2. Are NFTs protected by copyright?
Whether or not an NFT, or any other work of art, is protected by copyright depends on whether it was created by an individual as a work made for hire or if it was created by someone other than an employee within the scope of employment. In the US, if you are an independent artist and create artwork on your own time, then that artwork is likely protected by copyright. On the other hand, if you create an NFT while working as an employee (i.e., your job description includes creating digital assets), then that artwork is likely protected by copyright.
3. Do I have to register my NFT with the Copyright Office?
No, you do not have to register your NFT with the Copyright Office. However, registration is recommended because it gives you “constructive” notice of your rights. That means that if someone infringes upon your work, then you can sue them even if they were unaware that they were infringing on your copyright. The registration process is also fairly simple and inexpensive. You can find more information about registering a work at the US Copyright Office website.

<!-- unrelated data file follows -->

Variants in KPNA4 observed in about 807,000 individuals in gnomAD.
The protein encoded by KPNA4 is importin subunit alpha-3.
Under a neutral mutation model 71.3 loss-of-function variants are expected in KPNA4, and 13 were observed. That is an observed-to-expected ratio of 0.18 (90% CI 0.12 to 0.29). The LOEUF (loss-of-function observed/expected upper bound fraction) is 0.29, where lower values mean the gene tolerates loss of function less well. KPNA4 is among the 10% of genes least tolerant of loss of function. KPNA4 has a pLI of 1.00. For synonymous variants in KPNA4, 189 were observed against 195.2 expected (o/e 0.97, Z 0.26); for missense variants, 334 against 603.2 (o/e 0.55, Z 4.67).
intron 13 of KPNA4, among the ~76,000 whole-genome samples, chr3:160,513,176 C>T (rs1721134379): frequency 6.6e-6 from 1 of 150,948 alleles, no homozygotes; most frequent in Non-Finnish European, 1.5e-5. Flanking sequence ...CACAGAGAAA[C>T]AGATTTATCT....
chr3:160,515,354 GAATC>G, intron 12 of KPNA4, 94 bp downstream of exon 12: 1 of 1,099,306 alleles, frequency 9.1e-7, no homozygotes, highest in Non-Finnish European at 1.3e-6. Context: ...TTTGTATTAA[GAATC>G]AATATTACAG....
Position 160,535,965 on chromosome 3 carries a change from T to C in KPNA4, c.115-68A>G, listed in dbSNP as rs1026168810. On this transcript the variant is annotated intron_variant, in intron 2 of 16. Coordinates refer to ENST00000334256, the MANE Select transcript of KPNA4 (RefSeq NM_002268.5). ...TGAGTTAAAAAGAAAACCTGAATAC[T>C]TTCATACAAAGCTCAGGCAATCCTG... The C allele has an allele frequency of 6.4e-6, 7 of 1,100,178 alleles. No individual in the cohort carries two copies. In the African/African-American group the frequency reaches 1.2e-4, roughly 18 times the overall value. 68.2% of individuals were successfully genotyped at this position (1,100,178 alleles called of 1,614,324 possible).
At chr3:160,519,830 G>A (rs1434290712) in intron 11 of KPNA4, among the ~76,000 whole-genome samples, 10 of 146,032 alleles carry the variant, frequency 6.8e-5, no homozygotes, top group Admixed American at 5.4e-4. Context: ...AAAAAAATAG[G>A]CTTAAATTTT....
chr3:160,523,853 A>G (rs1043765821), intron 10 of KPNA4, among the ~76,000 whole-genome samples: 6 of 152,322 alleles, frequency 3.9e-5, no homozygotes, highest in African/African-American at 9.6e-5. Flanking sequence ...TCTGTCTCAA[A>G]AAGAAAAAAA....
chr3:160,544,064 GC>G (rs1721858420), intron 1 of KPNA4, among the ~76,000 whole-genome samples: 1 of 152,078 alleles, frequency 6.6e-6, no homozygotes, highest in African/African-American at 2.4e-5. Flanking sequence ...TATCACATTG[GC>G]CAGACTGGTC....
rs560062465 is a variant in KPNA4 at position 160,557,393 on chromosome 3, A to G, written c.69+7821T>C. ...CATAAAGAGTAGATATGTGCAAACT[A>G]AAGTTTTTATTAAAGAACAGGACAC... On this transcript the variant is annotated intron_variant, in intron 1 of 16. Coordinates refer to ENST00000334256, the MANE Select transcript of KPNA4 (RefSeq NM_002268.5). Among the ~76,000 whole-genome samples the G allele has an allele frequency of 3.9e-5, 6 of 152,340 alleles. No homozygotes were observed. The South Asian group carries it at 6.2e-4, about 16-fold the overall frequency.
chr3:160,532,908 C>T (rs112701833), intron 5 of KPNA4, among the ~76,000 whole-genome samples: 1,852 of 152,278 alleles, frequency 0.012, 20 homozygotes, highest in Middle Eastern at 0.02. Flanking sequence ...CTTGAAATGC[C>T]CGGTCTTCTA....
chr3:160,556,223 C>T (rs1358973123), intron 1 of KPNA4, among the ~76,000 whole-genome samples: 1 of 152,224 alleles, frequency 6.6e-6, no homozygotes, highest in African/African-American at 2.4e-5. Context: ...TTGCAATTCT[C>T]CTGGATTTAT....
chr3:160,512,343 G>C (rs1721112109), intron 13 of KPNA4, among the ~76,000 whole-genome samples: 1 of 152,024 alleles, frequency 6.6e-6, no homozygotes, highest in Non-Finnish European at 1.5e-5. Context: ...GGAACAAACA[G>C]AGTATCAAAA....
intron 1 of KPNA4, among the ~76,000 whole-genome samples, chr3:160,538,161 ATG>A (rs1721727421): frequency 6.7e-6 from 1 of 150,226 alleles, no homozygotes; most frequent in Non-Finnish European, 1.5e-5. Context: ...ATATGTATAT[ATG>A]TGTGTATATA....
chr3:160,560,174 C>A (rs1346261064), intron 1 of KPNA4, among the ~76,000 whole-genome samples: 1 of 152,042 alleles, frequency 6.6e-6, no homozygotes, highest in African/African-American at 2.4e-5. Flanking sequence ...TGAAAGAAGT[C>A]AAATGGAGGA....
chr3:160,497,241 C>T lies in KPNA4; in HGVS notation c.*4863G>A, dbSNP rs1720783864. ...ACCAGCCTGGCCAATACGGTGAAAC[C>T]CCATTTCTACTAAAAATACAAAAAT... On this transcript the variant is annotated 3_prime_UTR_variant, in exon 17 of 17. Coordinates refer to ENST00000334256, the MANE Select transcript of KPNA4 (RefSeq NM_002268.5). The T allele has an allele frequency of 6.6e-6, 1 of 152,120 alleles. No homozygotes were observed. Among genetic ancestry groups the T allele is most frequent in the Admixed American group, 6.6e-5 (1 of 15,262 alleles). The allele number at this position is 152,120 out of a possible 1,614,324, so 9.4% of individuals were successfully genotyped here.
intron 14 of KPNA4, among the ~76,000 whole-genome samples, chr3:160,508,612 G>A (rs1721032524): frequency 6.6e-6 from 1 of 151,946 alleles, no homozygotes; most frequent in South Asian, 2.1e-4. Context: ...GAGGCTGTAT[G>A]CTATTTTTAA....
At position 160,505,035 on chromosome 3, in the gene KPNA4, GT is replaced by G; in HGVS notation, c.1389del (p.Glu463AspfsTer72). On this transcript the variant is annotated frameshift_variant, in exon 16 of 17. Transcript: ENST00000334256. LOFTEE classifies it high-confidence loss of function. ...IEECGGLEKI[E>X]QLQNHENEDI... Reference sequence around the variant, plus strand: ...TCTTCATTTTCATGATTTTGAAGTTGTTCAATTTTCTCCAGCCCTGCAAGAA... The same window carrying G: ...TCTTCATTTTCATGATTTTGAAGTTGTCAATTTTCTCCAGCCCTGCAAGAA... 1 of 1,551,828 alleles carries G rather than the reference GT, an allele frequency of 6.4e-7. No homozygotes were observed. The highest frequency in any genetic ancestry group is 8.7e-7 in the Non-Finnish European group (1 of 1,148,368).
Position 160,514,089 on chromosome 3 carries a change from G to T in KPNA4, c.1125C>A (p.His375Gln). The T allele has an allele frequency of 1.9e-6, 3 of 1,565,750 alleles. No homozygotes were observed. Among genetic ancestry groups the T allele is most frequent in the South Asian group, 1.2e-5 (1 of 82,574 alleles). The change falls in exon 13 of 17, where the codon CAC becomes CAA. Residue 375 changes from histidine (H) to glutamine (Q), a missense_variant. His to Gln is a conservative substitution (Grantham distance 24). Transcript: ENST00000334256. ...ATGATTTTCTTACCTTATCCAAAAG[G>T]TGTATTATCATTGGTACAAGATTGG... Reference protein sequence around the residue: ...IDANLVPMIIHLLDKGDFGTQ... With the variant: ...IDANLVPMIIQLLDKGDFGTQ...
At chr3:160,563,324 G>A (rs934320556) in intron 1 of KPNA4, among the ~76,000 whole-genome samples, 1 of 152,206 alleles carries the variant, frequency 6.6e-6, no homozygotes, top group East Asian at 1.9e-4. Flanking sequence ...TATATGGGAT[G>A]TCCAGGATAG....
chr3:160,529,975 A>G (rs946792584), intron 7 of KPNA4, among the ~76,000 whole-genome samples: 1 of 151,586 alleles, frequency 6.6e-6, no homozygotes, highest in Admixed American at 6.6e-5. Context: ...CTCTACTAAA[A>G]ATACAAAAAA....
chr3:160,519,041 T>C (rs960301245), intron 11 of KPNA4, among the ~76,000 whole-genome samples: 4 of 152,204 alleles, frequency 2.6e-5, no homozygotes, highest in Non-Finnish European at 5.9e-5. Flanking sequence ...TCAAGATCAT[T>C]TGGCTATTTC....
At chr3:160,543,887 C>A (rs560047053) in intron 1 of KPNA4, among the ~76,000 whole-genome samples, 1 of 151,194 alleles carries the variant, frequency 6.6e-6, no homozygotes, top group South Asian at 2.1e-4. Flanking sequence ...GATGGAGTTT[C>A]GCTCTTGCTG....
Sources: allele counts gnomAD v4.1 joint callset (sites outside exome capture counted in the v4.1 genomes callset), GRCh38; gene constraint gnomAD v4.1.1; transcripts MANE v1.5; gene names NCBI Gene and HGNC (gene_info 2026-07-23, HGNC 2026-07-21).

4. How long does a copyright last?
Copyright lasts for the life of the author plus 70 years. For anonymous works or works made for hire, the copyright lasts for 95 years from publication or 120 years from creation, whichever is shorter. Copyright can also be renewed during its initial term, and the length of time it is renewed depends on when it was originally registered. For example, if you register your work before it is published (i.e., you have not yet released it to the public), then your copyright will last 28 years from publication or 40 years from creation, whichever is shorter.